Search
| Clear, 83 F (28 C)
| RSS | |

SECTIONS:

 

Arts · Politics · Crime
· Sports · Food ·
· Opinion · NOLA ·
Lagniappe

 
THE

Defender Picks

 

MERCREDI

August 23rd

Wine Down Wednesdays

New Orleans Jazz Museum, 6:30PM

Free yogalates at the Mint

 

The Heart of Herbalism

Rosalie Apothecary, 7PM

Syrups and immune health

 

Trapper Keeper

Side Bar, 8:30PM

Local improv music duo, feat. Dr. Jeff Albert

 

Trainspotting

Bar Redux, 9PM

Free screening of junkie masterpiece

 

Chris & Tami

The New Movement, 9:30PM

TNM's founders perform weekly free show

 

Vixens & Vinyl

One Eyed Jacks, 10:30PM

Burlesque dance party

JEUDI

August 24th

Summertime Blues

Shops at Canal Place, 5:30PM

Young professionals meet-up with blues, brews, and BBQ

 

Architecture & Design Film Festival Kick-Off

Contemporary Arts Center, 5:30PM

Opening night party and film

 

Yoga Social Club

Crescent Park, 5:45PM

Get sweaty and centered

 

Ogden After Hours

Ogden Museum, 6PM

Feat. Sweet Olive String Band

 

Ambush Reggae Band

Gasa Gasa, 9PM

Local roots reggae group

 

Royal Teeth

Tipitina's, 9PM

Feat. Merci Raines and No True Scotsman

VENDREDI

August 25th

Friday Nights at NOMA

NOMA, 5PM

Feat. The Pfister Sisters

 

Exotic Races

Fair Grounds, 5PM

Races feat. ostriches and camels

 

More Lovely and More Temperate

Valiant Theatre and Lounge, 6PM

Performance of all 154 Shakespearean sonnets

 

Lil' WeezyAna Fest

Champions Square, 7PM

Feat. Gucci Man, Rich the Kid, Kodie Shane, YoungBoy NBA, and Lil Wayne

 

Drive-In On the Patio

Bar Redux, 9PM

Campy and cool movies, The Wasp Woman, Attack of the Giant Leeches, and The Giant Gila Monster

 

Little Maker & Mr. Universe

One Eyed Jacks, 9PM

Feat. special tribute to The Band

 

Rocky Horror Picture Show

Prytania Theatre, 12AM

Feat. NOLA's foremost shadow cast The Well-Hung Speakers

SAMEDI

August 26th

It's About TIME

Studio Be, 6PM

Artist conversation about oppression via symbols like the monuments

 

New Pride Pageant

Cafe Istanbul, 6PM

Honoring Mr & Miss New Orleans Pride 2017

 

New Orleans Saints vs. Houston Texans

SuperDome, 7PM

The Saints and Texans go head to head

 

Rick & Morty Marathon

Bar Redux, 9PM

Outdoor binge session for Dan Harmon's animated series

 

Swamp Motel

Gasa Gasa, 9PM

Album release party for Louisiana rockers

 

Vox & The Hound

One Eyed Jacks, 10PM

Pop group, feat. psych band Midriff and Naughty Palace


Incarnate Reviewed


By Michael Martin

Although I didn’t cover the Tulane Shakespeare Festival’s Incarnate before its brief run ended, I don’t want to let it pass without comment. This second collaboration between the festival and the performance art collective Compleat Stage was far and away the loveliest pastiche – whoever coined the phrase “devised theatre” should be weighted down with thesauri and tossed into a river – which I’ve seen in town. I hope it returns next season.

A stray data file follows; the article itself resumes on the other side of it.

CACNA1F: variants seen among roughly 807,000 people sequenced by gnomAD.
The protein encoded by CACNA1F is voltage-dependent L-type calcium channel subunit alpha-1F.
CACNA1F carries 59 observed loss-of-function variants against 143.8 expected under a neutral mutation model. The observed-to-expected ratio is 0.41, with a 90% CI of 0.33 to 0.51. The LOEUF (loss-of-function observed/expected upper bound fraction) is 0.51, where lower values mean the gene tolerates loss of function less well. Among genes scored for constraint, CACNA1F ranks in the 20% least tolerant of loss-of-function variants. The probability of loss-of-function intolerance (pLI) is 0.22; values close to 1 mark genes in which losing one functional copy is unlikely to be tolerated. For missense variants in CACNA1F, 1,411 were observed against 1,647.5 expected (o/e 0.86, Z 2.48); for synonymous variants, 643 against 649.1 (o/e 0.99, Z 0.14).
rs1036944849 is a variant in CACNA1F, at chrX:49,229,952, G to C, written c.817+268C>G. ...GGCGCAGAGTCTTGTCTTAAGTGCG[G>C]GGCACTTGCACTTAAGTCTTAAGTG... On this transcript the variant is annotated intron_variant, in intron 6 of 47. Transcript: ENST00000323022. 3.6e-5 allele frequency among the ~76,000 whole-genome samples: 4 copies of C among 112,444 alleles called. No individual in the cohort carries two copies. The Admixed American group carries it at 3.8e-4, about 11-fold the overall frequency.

Directed by Chaney Tullos, in unknowable collaboration with the other principals, the modest Incarnate succeeded in two crucial ways. (Three, if you count its modesty. Making devised theatre usually gives license to include everything but the kitchen sink.) First, there was a clear through line, simple enough to carry the audience along without benefit of plot: The Woman (Cristine McMurdo-Wallis) recites miscellaneous passages of Shakespearean verse to “narrate” the story of dancing young lovers  as their relationship unfolds from first meeting to inevitable passing. Ruby Lou Smith, who may be meant to be understood as The Woman in youth, and Jake Wynne-Wilson, New Orleans’ reigning stage icon of romantic male beauty, toed the line between dancing and emoting quite skillfully. Barbara Hayley choreographed with energy and grace, and precision enough that even non-dance aficionados like me could comprehend the lovers’ changing moods. (Their first Big Fight happens off-stage, however, while McMurdo-Wallis covers it with poetry of regret, which is a shame. We should see it.) Raul Gomez’ original score was evocative but not intrusive.

 

Second, Incarnate promised “mature images and themes,” as its title implies, and meant it. I can’t count all the shows purportedly for adults which have choked in the clutch. Here the verse set to music, sung by Keisha Slaughter with accompaniment by Oscar Rossignoli, was a terrific enhancement. Slaughter’s low-slung voice throbs; I wished she’d had a few more numbers. 

 

I also wished more had been spent on the Spartan set. Smith looked great in Jen Gillette’s blood-red tulle skirt, Wilson the same in various outfits; the backdrop, bathtub and heavy black chairs were entirely serviceable…but McMurdo-Wallis near-shapeless pantsuit was unfortunate, and her huge bolt of white fabric, upon which was sewn hundreds of red petals, had to carry too much symbolic weight to look like wrinkled cotton rather than silk.

 

If nothing here was revelatory – least so about the Bard’s poetry, although it’s delivered flawlessly by McMurdo-Wallis – for a show like this, “haunting and beautiful” is more than enough. Incarnate ended as it began, and as it ought: With the audience’s attention squarely on her compelling face.




view counter
view counter
Advertise With Us Here
view counter
view counter
Follow Us on Twitter
view counter
Follow Us on Facebook
view counter
view counter
view counter
Mardi Gras Zone
view counter


Contributors

Renard Boissiere, Evan Z.E. Hammond, Naimonu James, Wilson Koewing, J.A. Lloyd, Nina Luckman, Dead Huey Long, Joseph Santiago, Andrew Smith, Cynthia Via, Austin Yde

Photographers


Art Director

Michael Weber, B.A.

Editor

Alexis Manrodt

Listings Editor

Linzi Falk

Editor Emeritus

B. E. Mintz

Editor Emeritus

Stephen Babcock

Published Daily